Deal suspected in Maulana Aziz’s acquittals
ISLAMABAD, Feb 3: The acquittal of Khateeb Lal Masjid Maulana Aziz in all except one case has led to conjecture and speculation that a deal has been struck.
In 2009, Maulana Aziz was facing 27 cases in different courts including Anti Terrorism Court (ATC) of Rawalpindi.
Towards the end of January 2013, Maulana Aziz got off scot-free from the second last one in which he was accused of kidnapping police officials; he now only has one hurdle left.
He now only faces one case of harassing the shopkeepers of Aabpara and Jinnah Super — threatening them for selling Indian and English movies.
The case was registered against him a couple of months before the Lal Masjid operation was launched.
However, in this case too the chances are that he will be let go as the prosecution’s case is a weak one.
But what has led to the conjecture and gossip is the fact that though the cleric has been acquitted in more than two dozen cases, the government has not appealed against a single acquittal.
The state’s special prosecutor, Raja Faisal, who has appeared in the Lal Masjid cases argues that the main reason for the acquittal of Maulana Aziz in a number of cases were prosecution witnesses who either changed their testimony or never bothered to appear in the court.
He also blamed the poor investigation conducted by the Islamabad police.
In the Rangers murder case the government officials who earlier recorded their statements against the clerics including Maulana Aziz backtracked when they appeared in front of the ATC.
Before the investigation team they accused Maulana Aziz as well as others of giving the orders for firing and damaging government property.
However, once these people appeared before the ATC judge, they stated that when the mob was attacking government property they escaped from the scene. In the statement they recorded in the ATC, officials instead of directly blaming Maulana Aziz or any his associate for attacking government buildings, stated that at the time when a mob came out from the Lal Masjid and started setting the government building on fire, they escaped from the spot in order to save their lives.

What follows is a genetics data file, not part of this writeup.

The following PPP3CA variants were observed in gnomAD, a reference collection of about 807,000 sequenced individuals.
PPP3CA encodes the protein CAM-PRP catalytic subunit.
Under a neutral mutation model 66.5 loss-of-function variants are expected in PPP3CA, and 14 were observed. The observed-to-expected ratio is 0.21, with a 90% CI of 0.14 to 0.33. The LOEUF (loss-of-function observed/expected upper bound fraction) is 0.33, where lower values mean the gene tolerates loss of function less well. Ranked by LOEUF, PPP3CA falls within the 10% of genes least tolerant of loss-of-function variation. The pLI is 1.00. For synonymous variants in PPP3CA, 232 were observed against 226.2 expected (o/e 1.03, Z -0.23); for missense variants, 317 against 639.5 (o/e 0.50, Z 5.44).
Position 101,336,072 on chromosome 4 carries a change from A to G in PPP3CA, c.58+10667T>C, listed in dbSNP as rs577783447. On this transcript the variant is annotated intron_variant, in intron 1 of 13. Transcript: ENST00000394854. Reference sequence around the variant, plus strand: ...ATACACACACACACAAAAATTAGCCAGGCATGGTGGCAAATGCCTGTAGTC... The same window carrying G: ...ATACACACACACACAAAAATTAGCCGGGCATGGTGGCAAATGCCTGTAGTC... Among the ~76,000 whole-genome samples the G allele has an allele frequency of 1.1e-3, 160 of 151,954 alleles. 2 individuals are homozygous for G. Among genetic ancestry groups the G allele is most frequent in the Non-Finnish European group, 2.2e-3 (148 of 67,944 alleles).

Similarly, he said that the shopkeepers of Bhara Kahu who had lodged the complaint with the police that the inmates of Lal Masjid had burnt CDs of Hollywood and Bollywood films, also changed their statements.
In the court, these shopkeepers said that they offered to burn the CDs themselves.
According to Faisal, the police registered a number of cases against Aziz in a hurry but they did not have sufficient evidence.
Interestingly, in the case regarding kidnapping of four police officials, the civil judge cum judicial magistrate of Islamabad did not follow centuries old criminal procedure code (CrPC) – under this law, the witnesses’ statements are recorded after the indictment of an accused.